Even as they raised the estimated cost of high-speed rail in California to almost $100 billion over 20 years, the project's organizers on Tuesday were staging a comeback bid.
The California High-Speed Rail Authority, which came under criticism in the Legislature and appeared for months to be on the brink of collapse, cast the new cost estimate as a measure of its credibility.
The resulting cost estimate is so high, officials hope, that critics will no longer accuse the authority of issuing rosy estimates. The authority also changed part of its construction plan to placate opponents in the San Francisco and Los Angeles areas.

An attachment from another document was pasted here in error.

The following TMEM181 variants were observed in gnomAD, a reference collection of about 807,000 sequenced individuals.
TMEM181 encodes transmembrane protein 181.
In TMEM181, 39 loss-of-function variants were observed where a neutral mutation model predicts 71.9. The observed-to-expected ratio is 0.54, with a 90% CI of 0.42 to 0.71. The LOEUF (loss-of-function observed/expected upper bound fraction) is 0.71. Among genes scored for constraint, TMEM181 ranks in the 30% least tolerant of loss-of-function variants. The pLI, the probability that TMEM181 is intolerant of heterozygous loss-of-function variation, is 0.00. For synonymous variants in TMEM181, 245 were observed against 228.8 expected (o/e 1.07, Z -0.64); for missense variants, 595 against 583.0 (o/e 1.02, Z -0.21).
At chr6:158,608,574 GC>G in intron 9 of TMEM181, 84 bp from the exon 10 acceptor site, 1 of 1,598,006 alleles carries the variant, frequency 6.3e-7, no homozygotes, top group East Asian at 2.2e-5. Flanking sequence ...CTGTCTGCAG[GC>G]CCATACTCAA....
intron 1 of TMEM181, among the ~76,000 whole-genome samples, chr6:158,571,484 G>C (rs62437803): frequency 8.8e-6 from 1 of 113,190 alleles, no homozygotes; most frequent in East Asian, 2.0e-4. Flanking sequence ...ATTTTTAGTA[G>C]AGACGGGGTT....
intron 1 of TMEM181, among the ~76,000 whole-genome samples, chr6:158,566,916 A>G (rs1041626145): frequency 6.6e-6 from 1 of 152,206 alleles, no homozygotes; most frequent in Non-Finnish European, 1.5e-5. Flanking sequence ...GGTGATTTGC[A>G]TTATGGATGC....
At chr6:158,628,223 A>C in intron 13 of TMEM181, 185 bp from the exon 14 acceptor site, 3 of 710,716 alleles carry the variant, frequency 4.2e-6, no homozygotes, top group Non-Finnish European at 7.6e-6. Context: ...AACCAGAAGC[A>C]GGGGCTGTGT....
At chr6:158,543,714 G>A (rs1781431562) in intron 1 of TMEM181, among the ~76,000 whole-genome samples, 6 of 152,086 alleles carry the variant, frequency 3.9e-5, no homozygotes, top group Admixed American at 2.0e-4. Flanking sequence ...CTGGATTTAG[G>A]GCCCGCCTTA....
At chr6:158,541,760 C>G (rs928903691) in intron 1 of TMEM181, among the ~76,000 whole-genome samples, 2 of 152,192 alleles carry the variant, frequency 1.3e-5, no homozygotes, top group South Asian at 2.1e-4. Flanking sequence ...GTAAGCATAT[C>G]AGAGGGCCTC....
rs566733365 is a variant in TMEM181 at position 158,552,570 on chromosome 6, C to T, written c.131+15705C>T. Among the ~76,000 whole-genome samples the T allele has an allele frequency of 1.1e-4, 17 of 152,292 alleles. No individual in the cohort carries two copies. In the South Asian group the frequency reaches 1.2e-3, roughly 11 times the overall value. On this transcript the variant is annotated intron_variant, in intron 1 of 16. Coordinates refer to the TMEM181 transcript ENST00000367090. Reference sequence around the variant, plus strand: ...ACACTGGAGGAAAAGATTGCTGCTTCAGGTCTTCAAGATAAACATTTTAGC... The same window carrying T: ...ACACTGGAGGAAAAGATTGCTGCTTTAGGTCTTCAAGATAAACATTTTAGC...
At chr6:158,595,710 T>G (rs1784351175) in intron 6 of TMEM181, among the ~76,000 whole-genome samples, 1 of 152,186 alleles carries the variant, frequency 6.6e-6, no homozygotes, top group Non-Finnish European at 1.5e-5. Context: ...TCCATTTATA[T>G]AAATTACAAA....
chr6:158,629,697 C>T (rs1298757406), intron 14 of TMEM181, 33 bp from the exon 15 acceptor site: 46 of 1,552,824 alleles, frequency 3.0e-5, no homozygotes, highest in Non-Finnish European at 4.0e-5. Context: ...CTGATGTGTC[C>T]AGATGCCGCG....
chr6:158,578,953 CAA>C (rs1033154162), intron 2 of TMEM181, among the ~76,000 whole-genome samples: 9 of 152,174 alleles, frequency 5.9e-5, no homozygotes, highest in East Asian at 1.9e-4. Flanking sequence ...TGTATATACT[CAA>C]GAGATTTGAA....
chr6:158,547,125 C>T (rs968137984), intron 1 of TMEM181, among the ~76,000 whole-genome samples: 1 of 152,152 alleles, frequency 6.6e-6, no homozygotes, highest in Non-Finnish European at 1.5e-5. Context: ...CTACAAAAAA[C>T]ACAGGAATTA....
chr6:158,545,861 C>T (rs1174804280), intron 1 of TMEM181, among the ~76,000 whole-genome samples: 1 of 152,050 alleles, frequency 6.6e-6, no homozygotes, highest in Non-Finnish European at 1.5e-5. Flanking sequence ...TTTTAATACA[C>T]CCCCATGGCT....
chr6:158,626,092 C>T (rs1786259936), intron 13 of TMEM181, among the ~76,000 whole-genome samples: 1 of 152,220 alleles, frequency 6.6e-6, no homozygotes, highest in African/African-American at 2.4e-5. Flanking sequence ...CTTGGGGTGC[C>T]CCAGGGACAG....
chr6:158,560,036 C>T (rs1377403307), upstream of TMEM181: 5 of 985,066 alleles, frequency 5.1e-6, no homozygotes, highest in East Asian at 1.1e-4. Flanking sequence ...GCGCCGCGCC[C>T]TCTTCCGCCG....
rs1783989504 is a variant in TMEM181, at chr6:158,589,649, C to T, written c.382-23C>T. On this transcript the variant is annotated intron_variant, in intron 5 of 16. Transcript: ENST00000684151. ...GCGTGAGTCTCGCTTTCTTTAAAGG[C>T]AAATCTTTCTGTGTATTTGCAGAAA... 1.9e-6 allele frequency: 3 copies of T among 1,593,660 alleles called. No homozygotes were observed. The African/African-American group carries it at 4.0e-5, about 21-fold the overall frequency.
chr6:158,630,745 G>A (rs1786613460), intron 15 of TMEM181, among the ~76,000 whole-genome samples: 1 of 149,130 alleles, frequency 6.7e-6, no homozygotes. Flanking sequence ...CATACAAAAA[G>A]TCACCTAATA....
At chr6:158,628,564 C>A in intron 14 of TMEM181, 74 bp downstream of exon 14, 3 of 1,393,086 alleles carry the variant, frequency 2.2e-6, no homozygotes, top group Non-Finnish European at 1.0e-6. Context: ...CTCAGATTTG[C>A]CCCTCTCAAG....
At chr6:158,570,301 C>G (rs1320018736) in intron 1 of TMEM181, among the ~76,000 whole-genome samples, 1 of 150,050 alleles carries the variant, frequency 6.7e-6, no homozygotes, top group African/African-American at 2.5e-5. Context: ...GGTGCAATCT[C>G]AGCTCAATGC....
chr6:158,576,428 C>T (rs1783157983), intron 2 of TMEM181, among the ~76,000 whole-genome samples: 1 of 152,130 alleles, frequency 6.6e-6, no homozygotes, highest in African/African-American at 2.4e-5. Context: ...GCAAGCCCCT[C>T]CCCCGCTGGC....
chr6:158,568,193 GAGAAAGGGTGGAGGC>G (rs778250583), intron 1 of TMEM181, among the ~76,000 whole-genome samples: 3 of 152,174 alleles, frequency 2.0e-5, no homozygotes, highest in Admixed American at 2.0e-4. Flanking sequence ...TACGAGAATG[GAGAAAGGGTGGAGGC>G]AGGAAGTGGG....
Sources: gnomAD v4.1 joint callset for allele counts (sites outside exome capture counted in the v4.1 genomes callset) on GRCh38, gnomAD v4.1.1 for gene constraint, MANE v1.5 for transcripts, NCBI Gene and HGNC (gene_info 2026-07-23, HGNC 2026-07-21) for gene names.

"This plan represents a new day, a new time and a new beginning," Tom Umberg, chairman of the rail authority board, told reporters at the California State Railroad Museum.
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Fresno Mayor Ashley Swearengin, who supports the high-speed rail project, said in a statement Tuesday: "One of the strengths of this business plan is the clear path it lays between beginning construction in the Central Valley next year and achieving a full high-speed rail system that spans the state, expanding our transportation options in a way that's safe, fast, clean and affordable."
Rep. Devin Nunes, R-Visalia, countered in a statement of his own that the business plan "should convince even the most loyal high-speed rail advocate to re-examine the project," which he described as "financially irresponsible and reckless."